Movember’s Content Strategy Is Anything but Hairy

Movember’s concept is quite simple. Every year, clean-shaven men from across the globe grow moustaches for the month of November to raise money and awareness for men’s health issues, particularly prostate and testicular cancers.

“I’m essentially a moustache farmer, and our crop harvest is in the month of November,” Adam Garone, CEO and cofounder of the annual moustache movement and charity initiative, said to the crowd at the Experian Marketing Services 2013 Client Summit in Las Vegas.

To get to the bottom of why men buff up their bristles each fall, Movember analyzed and identified the top three reasons men participate in Movember: it’s fun, it’s an opportunity to be part of a team, and it’s for a good cause.

“Secretly, every guy wants to know what he looks like with a moustache,” said the mustachioed Garone. “Movember gives every many that opportunity.”

But before Movember can grow a lot of moustaches, it needs a lot of mouths. Last November 1.1 million people participated in Movember. Garone said that each participant shared or created a conversation with more than 2,400 people; hence generating more than 2.7 billion conversations during the month of November. For example, one moustache led to 36 face-to-face conversations, 16 emails sent, 11 status updates, 10 tweets, and seven phone calls made, he said. The organization raised $145 million dollars last year.

Turning participants into well-informed advocates requires education, and Movember begins informing its advocates well before November. Garone said mid-September to the end of October is when Movember pushes out the most content, and November is when the organization switches gears and focuses on managing and monitoring conversations.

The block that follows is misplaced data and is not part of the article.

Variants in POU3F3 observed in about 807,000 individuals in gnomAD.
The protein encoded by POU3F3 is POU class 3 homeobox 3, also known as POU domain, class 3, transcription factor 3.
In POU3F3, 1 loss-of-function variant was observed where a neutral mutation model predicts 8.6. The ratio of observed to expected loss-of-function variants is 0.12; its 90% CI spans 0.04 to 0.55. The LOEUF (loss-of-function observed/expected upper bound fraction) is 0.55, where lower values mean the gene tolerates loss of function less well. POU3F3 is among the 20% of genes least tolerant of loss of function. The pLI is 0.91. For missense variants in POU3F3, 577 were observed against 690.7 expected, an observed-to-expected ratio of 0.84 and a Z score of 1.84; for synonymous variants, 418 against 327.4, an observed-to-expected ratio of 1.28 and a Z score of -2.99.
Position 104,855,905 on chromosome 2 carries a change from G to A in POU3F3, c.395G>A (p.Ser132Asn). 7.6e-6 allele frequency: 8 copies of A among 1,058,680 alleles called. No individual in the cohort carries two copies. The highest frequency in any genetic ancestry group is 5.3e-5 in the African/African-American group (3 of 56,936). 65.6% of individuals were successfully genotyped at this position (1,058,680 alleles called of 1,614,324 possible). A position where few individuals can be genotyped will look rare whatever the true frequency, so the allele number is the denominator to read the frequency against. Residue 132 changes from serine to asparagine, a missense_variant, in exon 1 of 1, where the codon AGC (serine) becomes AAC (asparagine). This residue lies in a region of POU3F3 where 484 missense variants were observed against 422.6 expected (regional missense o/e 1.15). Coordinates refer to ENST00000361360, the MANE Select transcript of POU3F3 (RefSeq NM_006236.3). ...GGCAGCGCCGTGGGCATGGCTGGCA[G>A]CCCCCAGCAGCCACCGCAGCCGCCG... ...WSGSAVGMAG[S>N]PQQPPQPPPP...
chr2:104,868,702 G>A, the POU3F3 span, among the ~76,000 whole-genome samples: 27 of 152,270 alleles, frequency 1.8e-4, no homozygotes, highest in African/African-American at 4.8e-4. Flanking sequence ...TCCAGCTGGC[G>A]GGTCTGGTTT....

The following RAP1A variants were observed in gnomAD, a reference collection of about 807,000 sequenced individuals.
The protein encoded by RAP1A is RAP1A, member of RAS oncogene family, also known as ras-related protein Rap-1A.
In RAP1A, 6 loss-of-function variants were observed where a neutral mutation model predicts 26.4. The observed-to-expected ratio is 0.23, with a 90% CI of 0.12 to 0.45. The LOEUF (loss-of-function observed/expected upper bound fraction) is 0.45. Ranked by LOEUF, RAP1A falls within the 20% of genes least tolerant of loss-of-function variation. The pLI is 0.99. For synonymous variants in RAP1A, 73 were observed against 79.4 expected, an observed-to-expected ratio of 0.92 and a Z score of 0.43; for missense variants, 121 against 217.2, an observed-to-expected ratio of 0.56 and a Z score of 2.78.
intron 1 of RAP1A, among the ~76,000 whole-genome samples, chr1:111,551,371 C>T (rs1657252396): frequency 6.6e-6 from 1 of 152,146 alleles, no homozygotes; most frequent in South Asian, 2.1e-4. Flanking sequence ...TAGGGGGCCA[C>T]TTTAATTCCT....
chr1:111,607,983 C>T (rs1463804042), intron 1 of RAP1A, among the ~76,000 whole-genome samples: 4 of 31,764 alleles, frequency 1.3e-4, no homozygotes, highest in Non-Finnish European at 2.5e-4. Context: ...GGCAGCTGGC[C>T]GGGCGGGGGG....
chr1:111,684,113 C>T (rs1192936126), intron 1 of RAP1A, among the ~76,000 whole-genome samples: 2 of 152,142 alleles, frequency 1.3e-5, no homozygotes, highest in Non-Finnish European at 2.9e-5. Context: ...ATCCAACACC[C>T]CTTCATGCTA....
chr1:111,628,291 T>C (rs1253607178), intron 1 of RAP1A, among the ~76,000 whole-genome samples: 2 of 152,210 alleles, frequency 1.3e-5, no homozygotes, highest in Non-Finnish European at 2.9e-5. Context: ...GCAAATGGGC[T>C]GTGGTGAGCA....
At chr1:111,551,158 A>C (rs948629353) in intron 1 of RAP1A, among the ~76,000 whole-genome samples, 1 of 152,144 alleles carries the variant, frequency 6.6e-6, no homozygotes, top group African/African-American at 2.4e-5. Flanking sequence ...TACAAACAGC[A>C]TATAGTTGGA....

Given that topics like prostate cancer typically don’t generate the most enjoyable conversations, Movember has to balance lighthearted content, such as the moustache Hall of Fame photo gallery or submitted videos known as the “Moscars,” with research information. Garone adds that, unlike many health-based charities, Movember doesn’t attempt to scare males into participating by simply listing unsettling statistics.

Movember is also faced with the challenge of winning its “Mo Bros” back year after year.

“It’s very hard for us to have a guy who’s done Movember for two years in row come back and commit to growing a moustache for 30 days,” Garone said.

Because each year provides a new opportunity for reengagement, Movember creates a new campaign with new content every year. For example, last year’s campaign, “Movember and Sons,” focused on fathers passing down words of wisdom to their sons and then sons passing advice around men’s health back up to their fathers. The 2010 campaign taught men how to be a modern gentleman, which consisted of taking care of one’s family, one’s health, and one’s moustache.

In addition to understanding why people participate, Movember also wanted to grasp why people donate. Garone said that the number one reason people donate to the organization is because they trust it. As in any industry, transparency is key. When that transparency disappears, so can participants. When Lance Armstrong, cyclist and former chairman of cancer support organization Livestrong, admitted to doping, Movember was directly affected by association and the trust that the organization had established with its donors and fundraisers was “damaged,” Garone said. Yet, he says Movember strives to build and  preserve the “circle of trust” it has with its participants by clearly explaining the three categories Movember funds—awareness and education, living with and beyond cancer, and research—and communicating programs and research breakthroughs to fundraisers and donors.

 “We’re in the business of building and maintaining trust,” he said.

And if there’s one lesson Garone has learned, it’s that naivety can be good: “There’s no such thing as a stupid idea,” Garone said. “Because growing moustaches for prostate cancer is a stupid idea if you think about it.”

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